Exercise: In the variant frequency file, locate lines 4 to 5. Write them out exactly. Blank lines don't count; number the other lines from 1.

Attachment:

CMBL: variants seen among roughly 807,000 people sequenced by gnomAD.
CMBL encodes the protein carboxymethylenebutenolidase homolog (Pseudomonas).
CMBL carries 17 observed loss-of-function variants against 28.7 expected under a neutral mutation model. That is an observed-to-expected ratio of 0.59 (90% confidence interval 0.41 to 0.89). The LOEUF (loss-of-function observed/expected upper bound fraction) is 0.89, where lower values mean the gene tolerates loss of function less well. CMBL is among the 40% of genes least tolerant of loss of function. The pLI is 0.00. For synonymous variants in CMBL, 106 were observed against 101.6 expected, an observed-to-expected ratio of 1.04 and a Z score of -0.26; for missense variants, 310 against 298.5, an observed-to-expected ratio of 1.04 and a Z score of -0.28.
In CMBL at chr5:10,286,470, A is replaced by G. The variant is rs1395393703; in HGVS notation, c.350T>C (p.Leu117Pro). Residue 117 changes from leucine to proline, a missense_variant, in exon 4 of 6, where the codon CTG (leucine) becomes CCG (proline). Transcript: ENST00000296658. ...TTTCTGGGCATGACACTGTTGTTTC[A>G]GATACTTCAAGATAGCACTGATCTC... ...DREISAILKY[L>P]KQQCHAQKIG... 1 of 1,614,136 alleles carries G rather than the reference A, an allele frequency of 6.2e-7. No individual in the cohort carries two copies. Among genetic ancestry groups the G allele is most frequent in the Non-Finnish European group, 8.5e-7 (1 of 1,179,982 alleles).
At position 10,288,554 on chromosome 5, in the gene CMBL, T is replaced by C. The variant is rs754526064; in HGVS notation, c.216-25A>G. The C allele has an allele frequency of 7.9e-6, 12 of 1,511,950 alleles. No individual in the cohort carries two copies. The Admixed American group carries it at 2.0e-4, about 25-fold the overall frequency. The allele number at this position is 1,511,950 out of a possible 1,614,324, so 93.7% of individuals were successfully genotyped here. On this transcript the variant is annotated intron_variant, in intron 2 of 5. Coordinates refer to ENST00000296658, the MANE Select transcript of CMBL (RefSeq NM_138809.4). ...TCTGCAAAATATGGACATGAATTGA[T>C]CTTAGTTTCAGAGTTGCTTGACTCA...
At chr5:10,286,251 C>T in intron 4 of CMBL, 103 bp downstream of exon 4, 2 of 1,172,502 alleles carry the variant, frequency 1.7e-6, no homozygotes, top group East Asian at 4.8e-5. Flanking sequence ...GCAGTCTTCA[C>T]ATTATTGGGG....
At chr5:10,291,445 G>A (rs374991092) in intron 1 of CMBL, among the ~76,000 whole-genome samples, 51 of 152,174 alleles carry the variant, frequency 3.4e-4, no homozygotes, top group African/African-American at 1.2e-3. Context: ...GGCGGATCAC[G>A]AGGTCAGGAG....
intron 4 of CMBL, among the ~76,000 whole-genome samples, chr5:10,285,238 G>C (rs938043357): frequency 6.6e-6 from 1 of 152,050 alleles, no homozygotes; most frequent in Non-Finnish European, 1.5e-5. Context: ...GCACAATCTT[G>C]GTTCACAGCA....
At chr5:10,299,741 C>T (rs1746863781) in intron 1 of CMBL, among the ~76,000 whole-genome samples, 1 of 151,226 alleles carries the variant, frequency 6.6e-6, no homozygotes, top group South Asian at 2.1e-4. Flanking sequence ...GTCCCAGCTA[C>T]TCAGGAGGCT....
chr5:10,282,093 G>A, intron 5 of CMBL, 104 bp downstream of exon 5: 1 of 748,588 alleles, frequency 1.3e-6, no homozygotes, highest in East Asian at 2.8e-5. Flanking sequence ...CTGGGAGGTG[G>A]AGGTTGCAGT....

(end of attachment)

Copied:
In CMBL at chr5:10,286,470, A is replaced by G. The variant is rs1395393703; in HGVS notation, c.350T>C (p.Leu117Pro). Residue 117 changes from leucine to proline, a missense_variant, in exon 4 of 6, where the codon CTG (leucine) becomes CCG (proline). Transcript: ENST00000296658. ...TTTCTGGGCATGACACTGTTGTTTC[A>G]GATACTTCAAGATAGCACTGATCTC... ...DREISAILKY[L>P]KQQCHAQKIG... 1 of 1,614,136 alleles carries G rather than the reference A, an allele frequency of 6.2e-7. No individual in the cohort carries two copies. Among genetic ancestry groups the G allele is most frequent in the Non-Finnish European group, 8.5e-7 (1 of 1,179,982 alleles).
At position 10,288,554 on chromosome 5, in the gene CMBL, T is replaced by C. The variant is rs754526064; in HGVS notation, c.216-25A>G. The C allele has an allele frequency of 7.9e-6, 12 of 1,511,950 alleles. No individual in the cohort carries two copies. The Admixed American group carries it at 2.0e-4, about 25-fold the overall frequency. The allele number at this position is 1,511,950 out of a possible 1,614,324, so 93.7% of individuals were successfully genotyped here. On this transcript the variant is annotated intron_variant, in intron 2 of 5. Coordinates refer to ENST00000296658, the MANE Select transcript of CMBL (RefSeq NM_138809.4). ...TCTGCAAAATATGGACATGAATTGA[T>C]CTTAGTTTCAGAGTTGCTTGACTCA...